With any exterior wood project, there is always the age old question of “should I use paint or stain for my deck?”. To answer the question it is mainly up to personal preference, both materials have pros and cons. However, protecting the wood is essential.
Either way, finishing is critical, because unprotected wood left to the elements gets ugly fast. Moisture is absorbed by wood, causing it to twist, warp, and crack as it swells and shrinks. Ultraviolet radiation from the sun discolors wood and breaks down its lignin, the natural glue that holds the fibers together. This invites more moisture and, worse, wood-decay fungi, which secrete enzymes that rot wood fibers. Even cedar, which contains weather-resistant oils, can look pretty rough after a few seasons.
When using paint there are a lot of pros. It is more durable to the elements than stain, and it can last up to 10 years before you need to refinish if done right. However, once you paint your deck you can only paint your deck, you cannot strip the paint off and then stain the wood.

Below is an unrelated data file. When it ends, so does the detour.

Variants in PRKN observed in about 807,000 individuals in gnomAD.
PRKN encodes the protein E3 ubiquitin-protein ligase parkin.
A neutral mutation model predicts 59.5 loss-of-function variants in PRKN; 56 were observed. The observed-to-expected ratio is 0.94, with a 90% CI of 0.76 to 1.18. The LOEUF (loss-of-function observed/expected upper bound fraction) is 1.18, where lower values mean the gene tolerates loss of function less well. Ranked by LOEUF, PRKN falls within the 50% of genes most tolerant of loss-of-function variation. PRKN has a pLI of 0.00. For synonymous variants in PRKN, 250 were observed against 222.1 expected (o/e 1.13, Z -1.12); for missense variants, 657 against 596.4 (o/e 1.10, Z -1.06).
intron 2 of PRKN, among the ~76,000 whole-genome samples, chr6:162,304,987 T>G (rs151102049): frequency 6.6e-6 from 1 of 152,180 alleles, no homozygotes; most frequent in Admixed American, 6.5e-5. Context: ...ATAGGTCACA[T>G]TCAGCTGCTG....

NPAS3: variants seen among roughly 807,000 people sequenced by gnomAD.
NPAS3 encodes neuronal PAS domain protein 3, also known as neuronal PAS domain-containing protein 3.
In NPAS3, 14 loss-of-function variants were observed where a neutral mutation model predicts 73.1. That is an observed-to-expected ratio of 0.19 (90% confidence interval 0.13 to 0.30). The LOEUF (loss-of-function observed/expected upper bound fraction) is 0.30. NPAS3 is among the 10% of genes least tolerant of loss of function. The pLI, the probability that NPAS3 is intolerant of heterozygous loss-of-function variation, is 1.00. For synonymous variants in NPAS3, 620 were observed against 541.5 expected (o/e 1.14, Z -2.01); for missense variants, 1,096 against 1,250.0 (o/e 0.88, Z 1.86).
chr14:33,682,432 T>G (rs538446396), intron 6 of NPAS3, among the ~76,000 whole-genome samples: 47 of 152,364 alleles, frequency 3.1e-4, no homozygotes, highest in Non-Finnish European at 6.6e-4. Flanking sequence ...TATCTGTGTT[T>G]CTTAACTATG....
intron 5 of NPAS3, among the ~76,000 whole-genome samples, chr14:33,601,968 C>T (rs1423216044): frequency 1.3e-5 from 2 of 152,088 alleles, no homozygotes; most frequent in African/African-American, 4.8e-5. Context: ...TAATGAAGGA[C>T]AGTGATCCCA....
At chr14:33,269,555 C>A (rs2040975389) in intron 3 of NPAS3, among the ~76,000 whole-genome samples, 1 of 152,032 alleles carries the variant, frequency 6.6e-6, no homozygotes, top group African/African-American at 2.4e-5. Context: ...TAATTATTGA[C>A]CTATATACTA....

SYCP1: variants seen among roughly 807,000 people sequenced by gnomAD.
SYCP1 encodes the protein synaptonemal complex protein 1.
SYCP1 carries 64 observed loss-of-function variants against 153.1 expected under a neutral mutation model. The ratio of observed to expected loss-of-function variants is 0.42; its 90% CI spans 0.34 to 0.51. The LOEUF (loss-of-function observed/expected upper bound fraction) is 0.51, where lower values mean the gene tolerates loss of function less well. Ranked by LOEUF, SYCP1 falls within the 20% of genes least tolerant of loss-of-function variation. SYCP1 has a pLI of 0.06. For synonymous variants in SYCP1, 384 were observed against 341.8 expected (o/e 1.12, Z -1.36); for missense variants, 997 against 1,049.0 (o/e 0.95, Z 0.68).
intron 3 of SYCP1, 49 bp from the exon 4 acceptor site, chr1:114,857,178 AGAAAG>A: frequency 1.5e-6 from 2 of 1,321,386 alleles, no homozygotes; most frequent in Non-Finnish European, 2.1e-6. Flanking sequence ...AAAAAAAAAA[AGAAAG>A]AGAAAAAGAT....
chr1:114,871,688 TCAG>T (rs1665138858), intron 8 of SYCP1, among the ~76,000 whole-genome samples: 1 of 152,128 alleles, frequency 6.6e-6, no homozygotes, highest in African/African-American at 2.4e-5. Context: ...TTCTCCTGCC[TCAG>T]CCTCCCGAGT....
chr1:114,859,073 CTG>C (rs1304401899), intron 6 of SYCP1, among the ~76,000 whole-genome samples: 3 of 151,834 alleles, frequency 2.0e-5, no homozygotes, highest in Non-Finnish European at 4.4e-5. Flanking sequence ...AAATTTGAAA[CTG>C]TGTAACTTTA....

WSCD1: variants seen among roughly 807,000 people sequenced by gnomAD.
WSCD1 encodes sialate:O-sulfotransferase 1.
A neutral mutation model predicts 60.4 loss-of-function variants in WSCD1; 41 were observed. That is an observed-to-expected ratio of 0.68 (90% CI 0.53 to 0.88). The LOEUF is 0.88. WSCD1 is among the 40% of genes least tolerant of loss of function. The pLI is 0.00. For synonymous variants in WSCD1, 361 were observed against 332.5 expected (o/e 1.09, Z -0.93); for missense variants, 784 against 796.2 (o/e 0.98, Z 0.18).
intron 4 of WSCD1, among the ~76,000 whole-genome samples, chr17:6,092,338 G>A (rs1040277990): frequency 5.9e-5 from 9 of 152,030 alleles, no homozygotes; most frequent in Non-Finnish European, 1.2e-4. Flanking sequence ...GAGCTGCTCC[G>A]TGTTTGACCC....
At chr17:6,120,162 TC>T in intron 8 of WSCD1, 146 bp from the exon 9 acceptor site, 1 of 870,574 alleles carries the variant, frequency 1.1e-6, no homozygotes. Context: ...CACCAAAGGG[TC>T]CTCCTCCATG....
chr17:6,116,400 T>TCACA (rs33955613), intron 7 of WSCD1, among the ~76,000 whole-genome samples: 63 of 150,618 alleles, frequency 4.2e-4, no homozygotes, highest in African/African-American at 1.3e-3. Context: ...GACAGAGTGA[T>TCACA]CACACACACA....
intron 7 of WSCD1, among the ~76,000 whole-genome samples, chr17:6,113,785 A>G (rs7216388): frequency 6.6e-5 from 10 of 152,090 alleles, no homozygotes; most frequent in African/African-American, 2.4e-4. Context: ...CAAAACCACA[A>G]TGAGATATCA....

With stains, you can paint later if you do not like the look of it (after a good sanding and proper prep), and with stain, you can keep the natural look of wood. However, stain doesn’t last as long as paint and it normally requires more upkeep than paint.
If you stain don’t expect the same longevity you get with paint. Stains soak deep into the wood, filling in microscopic gaps that would otherwise absorb moisture. This helps keep the wood stable, but it’s not as effective as a paint’s protective coating. On the upside, most stains are formulated with a wood preservative, so mold and rot shouldn’t be a problem. However, stains don’t do a good job blocking UV, and that could be a major factor if your railing gets a lot of sun. “Transparent and semitransparent stains contain some pigment and offer a bit of UV resistance, but the clearer the stain, the less protection you’ll get. The wood will gray after a few years,” says Ryan Coffey, a product specialist for paint manufacturer Rust-Oleum.
So whatever material you choose it really is up to your personal preference! Choose what you want for the look of your home.